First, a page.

As I go out and about on my daily commute, I come across many obsticles on the pavement, that are both annoying and frustrating. They can either be cars or vehicles, shop advertising boards, badly designed pedestrian areas such as shared surfaces and groups of people who stand and block an entire section of pavement (chatting away). For my guide dog Evans, this is a difficult challenge because the obsticles can either be unpredictable or can indicate no safe way through.
The subject of street furniture and pavement parking have been very hot topics for some time. A private members bill has just been introduced to parliament by Martin Horwood MP (Cheltenham), seeking to outlaw vehicles parking on pavements.
On a campaigning front, Guide dogs have been highlighting the issue of pavement parking for some considerable time through the ‘Streets ahead’ campaign. They rightly highlight the danger that many pavement obsticles cause in forcing people to go into the roadway to get round such unnecessary clutter. Guide dogs have introduced initiatives such as producing a map of the UK with pictures of where bad pavement parking is taking place. Individuals are encouraged to submit pictures that can then be added to the map to re-enforce the message that blocking walkways and putting many people in danger are unacceptable. More information can be found at:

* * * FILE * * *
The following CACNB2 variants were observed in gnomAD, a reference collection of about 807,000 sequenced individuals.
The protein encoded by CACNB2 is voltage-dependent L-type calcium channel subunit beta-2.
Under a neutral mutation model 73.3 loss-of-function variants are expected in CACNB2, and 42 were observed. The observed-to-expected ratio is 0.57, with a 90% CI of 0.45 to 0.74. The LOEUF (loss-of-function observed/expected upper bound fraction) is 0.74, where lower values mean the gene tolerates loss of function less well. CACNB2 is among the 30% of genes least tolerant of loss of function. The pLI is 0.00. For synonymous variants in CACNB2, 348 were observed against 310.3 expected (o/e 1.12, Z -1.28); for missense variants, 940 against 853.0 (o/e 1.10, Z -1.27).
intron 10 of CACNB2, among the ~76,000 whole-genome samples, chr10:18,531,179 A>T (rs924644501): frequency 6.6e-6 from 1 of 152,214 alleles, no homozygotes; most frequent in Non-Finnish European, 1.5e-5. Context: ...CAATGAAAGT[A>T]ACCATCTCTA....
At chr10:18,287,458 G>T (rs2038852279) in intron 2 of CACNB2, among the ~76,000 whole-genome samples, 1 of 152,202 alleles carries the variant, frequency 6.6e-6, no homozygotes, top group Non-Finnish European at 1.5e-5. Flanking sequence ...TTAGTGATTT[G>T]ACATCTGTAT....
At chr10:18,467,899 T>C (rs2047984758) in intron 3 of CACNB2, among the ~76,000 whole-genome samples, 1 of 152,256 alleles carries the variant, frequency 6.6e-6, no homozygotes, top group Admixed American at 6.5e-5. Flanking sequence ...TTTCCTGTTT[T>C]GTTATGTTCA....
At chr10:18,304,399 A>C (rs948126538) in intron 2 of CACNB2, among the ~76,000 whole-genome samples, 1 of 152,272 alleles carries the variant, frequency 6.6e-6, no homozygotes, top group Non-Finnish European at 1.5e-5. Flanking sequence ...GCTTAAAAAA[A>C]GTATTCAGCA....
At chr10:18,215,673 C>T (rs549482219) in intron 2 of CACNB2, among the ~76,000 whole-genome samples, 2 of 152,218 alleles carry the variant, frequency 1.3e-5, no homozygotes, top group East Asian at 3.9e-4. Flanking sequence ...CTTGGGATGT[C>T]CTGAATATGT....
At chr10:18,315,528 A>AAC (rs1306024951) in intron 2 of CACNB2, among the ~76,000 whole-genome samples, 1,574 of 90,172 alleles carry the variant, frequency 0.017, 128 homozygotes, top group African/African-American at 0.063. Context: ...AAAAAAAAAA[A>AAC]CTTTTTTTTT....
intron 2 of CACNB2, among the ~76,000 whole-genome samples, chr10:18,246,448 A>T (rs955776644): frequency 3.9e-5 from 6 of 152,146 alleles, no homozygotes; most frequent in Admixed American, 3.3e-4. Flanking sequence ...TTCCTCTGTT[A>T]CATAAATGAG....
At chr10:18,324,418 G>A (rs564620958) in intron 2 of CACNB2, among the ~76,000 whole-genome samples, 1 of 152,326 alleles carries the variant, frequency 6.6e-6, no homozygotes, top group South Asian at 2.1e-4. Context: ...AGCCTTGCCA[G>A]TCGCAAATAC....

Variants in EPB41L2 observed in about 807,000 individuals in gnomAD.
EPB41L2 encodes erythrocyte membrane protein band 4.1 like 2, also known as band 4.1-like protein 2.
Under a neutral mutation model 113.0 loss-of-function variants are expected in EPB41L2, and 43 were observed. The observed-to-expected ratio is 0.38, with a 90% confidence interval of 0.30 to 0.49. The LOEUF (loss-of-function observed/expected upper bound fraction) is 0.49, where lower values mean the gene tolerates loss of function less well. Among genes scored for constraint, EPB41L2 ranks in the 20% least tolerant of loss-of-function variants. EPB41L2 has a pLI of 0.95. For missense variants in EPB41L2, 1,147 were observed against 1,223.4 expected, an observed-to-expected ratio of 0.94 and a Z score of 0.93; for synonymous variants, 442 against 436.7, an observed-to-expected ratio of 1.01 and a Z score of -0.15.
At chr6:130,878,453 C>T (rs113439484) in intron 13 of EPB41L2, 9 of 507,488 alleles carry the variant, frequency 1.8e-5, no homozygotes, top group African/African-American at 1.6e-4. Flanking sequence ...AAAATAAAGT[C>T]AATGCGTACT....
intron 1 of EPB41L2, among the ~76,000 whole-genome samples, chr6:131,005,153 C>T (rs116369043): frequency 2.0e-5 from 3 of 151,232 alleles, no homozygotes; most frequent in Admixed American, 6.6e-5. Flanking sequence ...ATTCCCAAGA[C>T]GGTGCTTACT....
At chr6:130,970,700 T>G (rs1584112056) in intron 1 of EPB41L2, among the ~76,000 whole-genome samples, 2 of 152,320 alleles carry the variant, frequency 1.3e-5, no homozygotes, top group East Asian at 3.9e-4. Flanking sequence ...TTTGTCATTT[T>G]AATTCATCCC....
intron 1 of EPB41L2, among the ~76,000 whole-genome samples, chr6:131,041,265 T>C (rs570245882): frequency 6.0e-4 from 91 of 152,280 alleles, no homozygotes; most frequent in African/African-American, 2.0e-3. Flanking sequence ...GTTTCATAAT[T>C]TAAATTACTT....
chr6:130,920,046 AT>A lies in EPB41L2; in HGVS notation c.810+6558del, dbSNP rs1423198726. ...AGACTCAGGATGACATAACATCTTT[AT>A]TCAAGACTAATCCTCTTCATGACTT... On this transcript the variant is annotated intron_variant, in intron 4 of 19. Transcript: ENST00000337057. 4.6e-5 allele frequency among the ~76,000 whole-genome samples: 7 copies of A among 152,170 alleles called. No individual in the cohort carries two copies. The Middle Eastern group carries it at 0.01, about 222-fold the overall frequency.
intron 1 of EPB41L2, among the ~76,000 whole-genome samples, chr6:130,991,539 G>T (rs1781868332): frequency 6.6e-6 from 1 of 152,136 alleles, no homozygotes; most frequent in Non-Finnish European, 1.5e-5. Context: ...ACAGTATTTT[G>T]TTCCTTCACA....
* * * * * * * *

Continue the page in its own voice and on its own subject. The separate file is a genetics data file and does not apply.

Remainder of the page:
As this article comes onto the website, the Royal National Institute of blind People (RNIB) have started a forttnight of action to highlight the problems that Pavement clutter can cause to us all. Activities are being organised across the country to promote the message of the need for clearer and more accessible streets. More information can be found at:
Next week, I’ll give some examples of where vehicles parked on pavements and also the designation of a pedestrian area as a shared space with vehicles, has caused me signififcant problems